“Home Alone” already stretched the idea of logic and suspension of disbelief already, but when Dreamworks squeezed out a sequel hoping for equal to more success, we instead got “Lost in New York.” Not only did this follow up basically prove that the original’s premise was a tad far-fetched, but something of a flash in the pan. This sequel is just leaps and bounds sillier than even the third “Home Alone” and even presents a ton of misguided morals within its narrative. You can sense the movie is one giant misstep, when it casts the likes of Tim Curry as one of Kevin’s adversaries, and turns Rob Schneider in to a hilariously slimy bellboy, and wastes them in favor of rehashing the same dynamic we saw with Marv and Harry from the first film.
It would have at least been interesting if Kevin ended up in New York and stumbled upon another person or people trying to perpetrate some kind of crime. It would have also allowed another excuse at a climax similar to the first film. In “Lost in New York,” the McCallisters are taking another shot at a family vacation, and decide to keep Kevin at their side at all times. Of course their plans get scrambled, and while chasing after his parents, Kevin is mixed up and accidentally follows another group of passengers on to a whole other plane. The McCallisters are now in Miami, Florida, and Kevin is in New York City. Now with a wallet full of credit cards and cash from his nasty uncle Peter, Kevin decides to make the most of being stranded in the city, staying in a five star hotel.
While he evades the hotel’s snooty staff, he crashes in to a newly released Marv and Harry, both of whom are in New York at the same time (?) and have sinister plans for a local toy store. Said store collects thousands of dollars for charity every year, and they plan to steal the money. Kevin now has to figure out how to let the authorities know and—you know—there’s another scene involving prat falls and booby traps, of course. At least the original movie had Kevin McCallister fighting criminals while stuck at home without anyone to really help him. For all he knew, he was doomed to live the rest of his life without any kind of family. Here, Kevin not only is stuck in New York, but he steals his family’s credit cards, deceives a lot of people, and even tortures them for doing their job.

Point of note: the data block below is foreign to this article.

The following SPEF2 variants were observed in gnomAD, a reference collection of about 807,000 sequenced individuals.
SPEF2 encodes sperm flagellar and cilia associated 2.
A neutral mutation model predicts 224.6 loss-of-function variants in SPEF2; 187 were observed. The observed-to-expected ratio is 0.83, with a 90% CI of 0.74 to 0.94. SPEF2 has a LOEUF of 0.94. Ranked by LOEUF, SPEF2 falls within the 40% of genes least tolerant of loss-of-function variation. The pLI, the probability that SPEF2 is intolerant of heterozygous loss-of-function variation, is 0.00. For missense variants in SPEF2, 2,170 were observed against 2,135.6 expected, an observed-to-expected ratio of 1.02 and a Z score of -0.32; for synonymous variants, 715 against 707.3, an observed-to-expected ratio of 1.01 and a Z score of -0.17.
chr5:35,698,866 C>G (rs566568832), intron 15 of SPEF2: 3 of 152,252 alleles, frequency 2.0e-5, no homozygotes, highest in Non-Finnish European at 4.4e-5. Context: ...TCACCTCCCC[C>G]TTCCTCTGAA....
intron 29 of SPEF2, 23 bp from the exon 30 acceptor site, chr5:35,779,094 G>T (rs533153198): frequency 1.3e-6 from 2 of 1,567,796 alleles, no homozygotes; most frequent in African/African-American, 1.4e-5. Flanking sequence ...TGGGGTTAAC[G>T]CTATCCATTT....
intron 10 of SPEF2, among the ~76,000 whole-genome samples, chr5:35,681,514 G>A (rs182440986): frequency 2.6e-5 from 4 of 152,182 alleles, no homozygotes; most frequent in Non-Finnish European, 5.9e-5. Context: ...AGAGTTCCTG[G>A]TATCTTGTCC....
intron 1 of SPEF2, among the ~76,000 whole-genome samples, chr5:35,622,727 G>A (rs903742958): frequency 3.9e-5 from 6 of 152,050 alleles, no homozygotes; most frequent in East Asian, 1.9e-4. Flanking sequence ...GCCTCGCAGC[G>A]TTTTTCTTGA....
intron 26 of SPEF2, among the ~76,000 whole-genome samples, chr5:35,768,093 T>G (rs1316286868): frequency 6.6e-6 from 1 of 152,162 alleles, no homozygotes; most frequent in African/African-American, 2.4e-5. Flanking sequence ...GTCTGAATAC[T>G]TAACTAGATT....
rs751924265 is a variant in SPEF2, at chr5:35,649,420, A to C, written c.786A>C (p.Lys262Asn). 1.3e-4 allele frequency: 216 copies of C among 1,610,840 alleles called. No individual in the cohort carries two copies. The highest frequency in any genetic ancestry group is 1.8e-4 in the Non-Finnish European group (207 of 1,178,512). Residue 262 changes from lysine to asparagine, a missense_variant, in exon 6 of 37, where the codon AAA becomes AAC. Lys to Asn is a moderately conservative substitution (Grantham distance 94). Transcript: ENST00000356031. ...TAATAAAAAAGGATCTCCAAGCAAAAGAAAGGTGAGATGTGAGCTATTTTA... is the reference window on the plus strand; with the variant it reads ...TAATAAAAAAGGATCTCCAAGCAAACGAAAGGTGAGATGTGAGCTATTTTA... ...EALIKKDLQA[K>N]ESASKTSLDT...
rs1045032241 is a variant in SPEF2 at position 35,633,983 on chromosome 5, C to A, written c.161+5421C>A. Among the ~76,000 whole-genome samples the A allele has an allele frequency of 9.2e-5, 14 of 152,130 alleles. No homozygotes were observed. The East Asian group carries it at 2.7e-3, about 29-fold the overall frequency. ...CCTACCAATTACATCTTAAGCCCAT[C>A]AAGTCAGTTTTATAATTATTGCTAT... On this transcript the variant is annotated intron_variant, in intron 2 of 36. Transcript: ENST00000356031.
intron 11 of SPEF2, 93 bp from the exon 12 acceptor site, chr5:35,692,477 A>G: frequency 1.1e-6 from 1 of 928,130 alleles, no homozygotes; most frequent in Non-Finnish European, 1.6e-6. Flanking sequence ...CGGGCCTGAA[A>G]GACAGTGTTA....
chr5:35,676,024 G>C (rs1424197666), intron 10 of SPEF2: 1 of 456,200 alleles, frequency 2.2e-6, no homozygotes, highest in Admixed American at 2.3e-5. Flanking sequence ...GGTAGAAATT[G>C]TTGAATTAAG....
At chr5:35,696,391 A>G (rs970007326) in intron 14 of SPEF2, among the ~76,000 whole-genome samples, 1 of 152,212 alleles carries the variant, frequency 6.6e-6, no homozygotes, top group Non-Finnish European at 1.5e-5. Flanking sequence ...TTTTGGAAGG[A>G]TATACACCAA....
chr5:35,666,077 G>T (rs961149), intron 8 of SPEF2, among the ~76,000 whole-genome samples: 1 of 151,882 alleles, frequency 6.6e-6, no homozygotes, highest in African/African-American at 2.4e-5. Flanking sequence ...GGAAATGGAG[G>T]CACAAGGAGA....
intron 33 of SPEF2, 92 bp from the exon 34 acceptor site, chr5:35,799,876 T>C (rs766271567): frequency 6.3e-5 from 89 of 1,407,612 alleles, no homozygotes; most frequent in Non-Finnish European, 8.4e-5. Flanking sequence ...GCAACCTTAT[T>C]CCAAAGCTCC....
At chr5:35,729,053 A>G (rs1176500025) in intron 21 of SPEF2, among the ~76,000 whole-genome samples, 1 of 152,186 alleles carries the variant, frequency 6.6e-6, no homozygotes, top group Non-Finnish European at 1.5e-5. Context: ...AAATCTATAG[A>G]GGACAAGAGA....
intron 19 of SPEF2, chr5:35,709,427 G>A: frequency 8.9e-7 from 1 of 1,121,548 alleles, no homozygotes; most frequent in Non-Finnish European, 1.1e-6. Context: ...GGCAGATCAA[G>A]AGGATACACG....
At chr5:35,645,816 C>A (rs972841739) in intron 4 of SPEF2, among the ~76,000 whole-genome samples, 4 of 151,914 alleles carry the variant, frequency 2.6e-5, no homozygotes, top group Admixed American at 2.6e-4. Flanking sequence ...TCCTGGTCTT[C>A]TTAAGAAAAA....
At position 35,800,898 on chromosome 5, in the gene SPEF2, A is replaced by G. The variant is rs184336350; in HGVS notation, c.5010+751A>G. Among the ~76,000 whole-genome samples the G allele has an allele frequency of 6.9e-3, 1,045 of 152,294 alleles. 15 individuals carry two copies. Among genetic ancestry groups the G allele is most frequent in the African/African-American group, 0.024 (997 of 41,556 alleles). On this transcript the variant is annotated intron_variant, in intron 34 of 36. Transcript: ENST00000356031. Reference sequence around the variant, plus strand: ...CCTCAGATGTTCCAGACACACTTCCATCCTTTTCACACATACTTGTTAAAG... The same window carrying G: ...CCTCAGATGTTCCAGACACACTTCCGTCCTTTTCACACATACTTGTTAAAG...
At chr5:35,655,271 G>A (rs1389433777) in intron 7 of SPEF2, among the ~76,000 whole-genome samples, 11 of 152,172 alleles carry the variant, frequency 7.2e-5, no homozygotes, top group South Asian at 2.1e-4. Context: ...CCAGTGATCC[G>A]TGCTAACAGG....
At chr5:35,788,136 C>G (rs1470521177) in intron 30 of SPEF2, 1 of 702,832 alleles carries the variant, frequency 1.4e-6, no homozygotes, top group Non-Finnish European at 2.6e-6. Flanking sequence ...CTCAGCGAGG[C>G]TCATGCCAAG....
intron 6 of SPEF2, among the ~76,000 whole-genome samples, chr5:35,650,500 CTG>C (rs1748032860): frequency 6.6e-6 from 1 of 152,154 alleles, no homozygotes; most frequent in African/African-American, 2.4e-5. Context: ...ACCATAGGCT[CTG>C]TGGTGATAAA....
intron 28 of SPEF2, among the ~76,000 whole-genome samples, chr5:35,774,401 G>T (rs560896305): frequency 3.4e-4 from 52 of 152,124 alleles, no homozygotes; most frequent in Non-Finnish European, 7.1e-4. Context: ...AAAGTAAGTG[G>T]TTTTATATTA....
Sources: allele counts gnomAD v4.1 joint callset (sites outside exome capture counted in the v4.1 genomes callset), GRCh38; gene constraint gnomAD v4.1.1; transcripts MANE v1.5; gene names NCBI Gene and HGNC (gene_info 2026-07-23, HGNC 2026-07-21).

By a twist of fate, he comes across Marv and Harry, which is easily the biggest stretch of suspension of disbelief. In fact all sense of disbelief snaps under the weight of the movie’s absurdity. “Home Alone 2” feels so much like a cash grab that it’s sad to see John Hughes make up such nonsense on the fly like this. The climax is the worst, as Kevin conveniently has a family member in New York who is renovating their home. Said home is filled with hazards and traps Kevin is able to set up to ensnare Marv and Harry. By sheer luck Kevin never hurts himself. “Home Alone 2” is a bad movie, and it’s one I tend to hate watch whenever it’s on television. The climax is ridiculous, the final scene is downright stupid, and Kevin is, for once, downright nasty and never pays for his deception. But hey, at least Joe Pesci and Daniel Stern get to offer up one last dose of their bandit villains.